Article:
Care Transitions and the economics of hospital readmissions
Council on Aging of Southwestern Ohio, in partnership with the Greater Cincinnati Health Council and several area hospitals and health care organizations, was one of the nation`s first recipients of a major federal contract designed to reduce hospital admissions among seniors.
The Center for Medicare and Medicaid Services (CMS) has contracted with Council on Aging to provide coaching to hospitalized seniors on how to get home, stay healthy, and avoid return visits to the hospital. Council on Aging works with the Southwest Ohio Community Care Transitions Collaborative to provide these services.
Council on Aging estimates that the program will serve nearly 5,400 seniors per year and save Medicare an annual net savings over $1 million dollars annually. Savings are achieved through reductions in hospital readmissions.
Through this award, CMS has recognized the important role Council on Aging plays as the Area Agency on Aging in helping older adults transition smoothly among different care settings. In seeking remedies for the nation`s fragmented health care system, CMS required that funding applicants be or include community-based organizations, such as Area Agencies on Aging, that contribute to better healthcare outcomes for older adults.
According to the Center for Medicare and Medicaid Services, Medicare beneficiaries who are discharged from hospitals are increasingly being readmitted for avoidable conditions within 30 to 90 days. Much of this is due to a fragmented health care system which does not adequately support patients during the vulnerable time when they are transitioning from the hospital to other settings, such as nursing homes, rehabilitation facilities and their own homes. The cost to Medicare for hospital readmissions is estimated at $15 billion a year, $12 billion of which is for cases considered preventable.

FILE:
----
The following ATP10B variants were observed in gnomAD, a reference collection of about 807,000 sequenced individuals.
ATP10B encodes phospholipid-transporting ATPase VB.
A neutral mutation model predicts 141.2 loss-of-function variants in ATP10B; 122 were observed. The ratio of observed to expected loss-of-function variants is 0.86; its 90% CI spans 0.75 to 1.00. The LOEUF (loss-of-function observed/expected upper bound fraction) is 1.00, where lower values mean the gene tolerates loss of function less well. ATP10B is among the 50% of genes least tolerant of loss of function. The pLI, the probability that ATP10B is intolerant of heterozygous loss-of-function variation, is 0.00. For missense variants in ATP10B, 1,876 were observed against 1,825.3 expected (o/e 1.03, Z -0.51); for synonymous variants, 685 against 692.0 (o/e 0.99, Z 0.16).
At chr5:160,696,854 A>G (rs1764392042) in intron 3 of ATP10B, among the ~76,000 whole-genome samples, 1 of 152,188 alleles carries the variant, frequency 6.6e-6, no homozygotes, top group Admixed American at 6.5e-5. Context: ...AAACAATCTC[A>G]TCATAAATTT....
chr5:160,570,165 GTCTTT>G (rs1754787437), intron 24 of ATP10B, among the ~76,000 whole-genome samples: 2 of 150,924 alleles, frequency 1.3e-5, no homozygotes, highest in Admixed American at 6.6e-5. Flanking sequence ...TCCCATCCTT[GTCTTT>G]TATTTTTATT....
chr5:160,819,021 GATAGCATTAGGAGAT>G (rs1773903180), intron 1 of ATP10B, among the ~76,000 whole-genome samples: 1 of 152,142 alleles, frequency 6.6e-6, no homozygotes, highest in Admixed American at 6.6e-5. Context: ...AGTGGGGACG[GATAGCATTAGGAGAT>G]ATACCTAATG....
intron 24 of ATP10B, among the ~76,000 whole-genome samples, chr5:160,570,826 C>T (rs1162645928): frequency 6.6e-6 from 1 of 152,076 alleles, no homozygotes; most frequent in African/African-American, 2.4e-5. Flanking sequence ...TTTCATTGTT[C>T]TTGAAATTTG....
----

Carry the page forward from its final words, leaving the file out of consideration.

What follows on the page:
Beginning in October, 2012, Medicare began withholding a portion of payments to hospitals with high readmission rates for patients with certain conditions such as heart failure and pneumonia. The 30-day hospital readmission rate in southwestern Ohio ranges up to 29 percent for these conditions in some hospitals.
Based on the proven Care Transitions Intervention developed by Dr. Eric Coleman of the University of Colorado, southwestern Ohio`s Care Transitions program uses coaching, health information technology, help with medications, and chronic disease self- management to help hospitalized seniors get home and stay home.
Electronic health information and exchange: Immediate identification of patients likely to benefit
Person-centered care; coordination of care as patients transition from one setting to the next; health coaching:
Care in the setting of patient choice; avoiding unnecessary institutionalization: Partners in the Southwest Ohio Communication Care Transitions Collaborative connect patients to community resources. Eligible patients are referred to Council on Aging`s in-home and community-based care programs, where care management saves public funds by helping clients remain independent in the lowest cost settings (home and assisted living).